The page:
Students create a self-editing checklist about their written piece.
X
Spreadsheet
X
Teachers create a spreadsheet with student names and then students update their class status.
X
X
Presentation
Enables teachers to create a slideshow that students can participate in chat, as well as contribute slides to.
X
X
X
Forms
X
X
Students contribute to a self-editing checklist
X
X = Not applicable. What uses can you think of for digital audio recording in Class Status?






iEtherpad

Tool
MiniLesson
Class Status
Write and Confer
Group Share
iEtherPad.com
Model collaborative editing or revision as part of the minilesson.
      • X
X
X

X = Not applicable. What uses can you think of for iEtherpad in Write and Confer?




Screen Recording
Tool
MiniLesson
Class Status
Write and Confer
Group Share
Jing Project
Create a video tutorial of the revision process, modelling that process in a word processor. Include audio narration.
X
X
X
ScreenToaster.com
Create a video tutorial of the revision process, modelling that process in a word processor. Include audio narration.
X
X
X

X = Not applicable. What uses can you think of for Screen Recording in Write and Confer?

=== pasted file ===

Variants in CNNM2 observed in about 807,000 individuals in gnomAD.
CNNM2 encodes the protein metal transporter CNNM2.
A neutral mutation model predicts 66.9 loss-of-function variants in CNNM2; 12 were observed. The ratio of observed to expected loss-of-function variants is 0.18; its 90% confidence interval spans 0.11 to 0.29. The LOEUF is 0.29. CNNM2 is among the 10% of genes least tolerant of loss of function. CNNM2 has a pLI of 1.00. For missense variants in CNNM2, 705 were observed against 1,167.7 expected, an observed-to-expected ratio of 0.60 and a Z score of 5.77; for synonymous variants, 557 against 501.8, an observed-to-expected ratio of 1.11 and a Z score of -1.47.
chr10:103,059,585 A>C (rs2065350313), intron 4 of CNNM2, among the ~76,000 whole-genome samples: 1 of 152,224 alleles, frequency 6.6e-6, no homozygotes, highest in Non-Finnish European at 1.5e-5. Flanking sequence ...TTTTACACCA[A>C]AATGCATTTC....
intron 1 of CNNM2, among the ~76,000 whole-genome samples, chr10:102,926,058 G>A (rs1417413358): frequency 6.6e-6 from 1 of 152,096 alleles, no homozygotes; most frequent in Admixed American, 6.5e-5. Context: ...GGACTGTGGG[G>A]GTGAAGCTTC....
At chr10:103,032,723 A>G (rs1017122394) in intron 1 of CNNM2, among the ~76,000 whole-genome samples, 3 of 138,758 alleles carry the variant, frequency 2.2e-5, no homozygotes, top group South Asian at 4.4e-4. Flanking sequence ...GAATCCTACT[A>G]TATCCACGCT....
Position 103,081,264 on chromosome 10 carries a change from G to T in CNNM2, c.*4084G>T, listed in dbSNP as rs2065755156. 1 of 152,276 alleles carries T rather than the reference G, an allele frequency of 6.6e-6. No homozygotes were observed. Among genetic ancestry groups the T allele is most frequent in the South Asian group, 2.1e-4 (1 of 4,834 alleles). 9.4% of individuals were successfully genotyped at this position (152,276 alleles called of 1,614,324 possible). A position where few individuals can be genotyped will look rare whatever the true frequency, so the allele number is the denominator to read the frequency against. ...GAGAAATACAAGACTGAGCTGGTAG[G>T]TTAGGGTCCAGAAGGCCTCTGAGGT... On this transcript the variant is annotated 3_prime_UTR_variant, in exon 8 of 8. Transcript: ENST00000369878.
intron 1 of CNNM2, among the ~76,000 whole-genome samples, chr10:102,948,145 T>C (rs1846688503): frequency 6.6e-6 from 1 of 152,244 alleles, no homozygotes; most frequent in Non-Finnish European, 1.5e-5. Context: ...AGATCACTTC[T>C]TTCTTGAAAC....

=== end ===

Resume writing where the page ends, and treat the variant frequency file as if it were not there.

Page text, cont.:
Wiki Collaboration

Tool
MiniLesson
Class Status
Write and Confer
Group Share
PBworks.com
Enables teacher to create an easy website to present a mini lesson.
X
Revision history shows what text was revised so that teacher can comment on revisions.
Wiki pages have a discussion page where comments can be added.
Students can publish and share their writing through a wiki anthology.
Sites.Google.com
Enables teacher to create an easy website to present a mini lesson.
X
Revision history shows what text was revised so that teacher can comment on revisions.
Wiki pages have a discussion page where comments can be added.
Students can publish and share their writing through a wiki anthology.
Weebly.com
Enables teacher to create an easy website to present a mini lesson.
X
X
Students can publish and share their writing through a wiki anthology.
Wikispaces.com
Enables teacher to create an easwebsite to present a mini lesson.
X
Revision history shows what text was revised so that teacher can comment on revisions.
Wiki pages have a discussion page where comments can be added.
Students can publish and share their writing through a wiki anthology.
X = Not applicable. What uses can you think of for Wiki Collaboration in Class Status?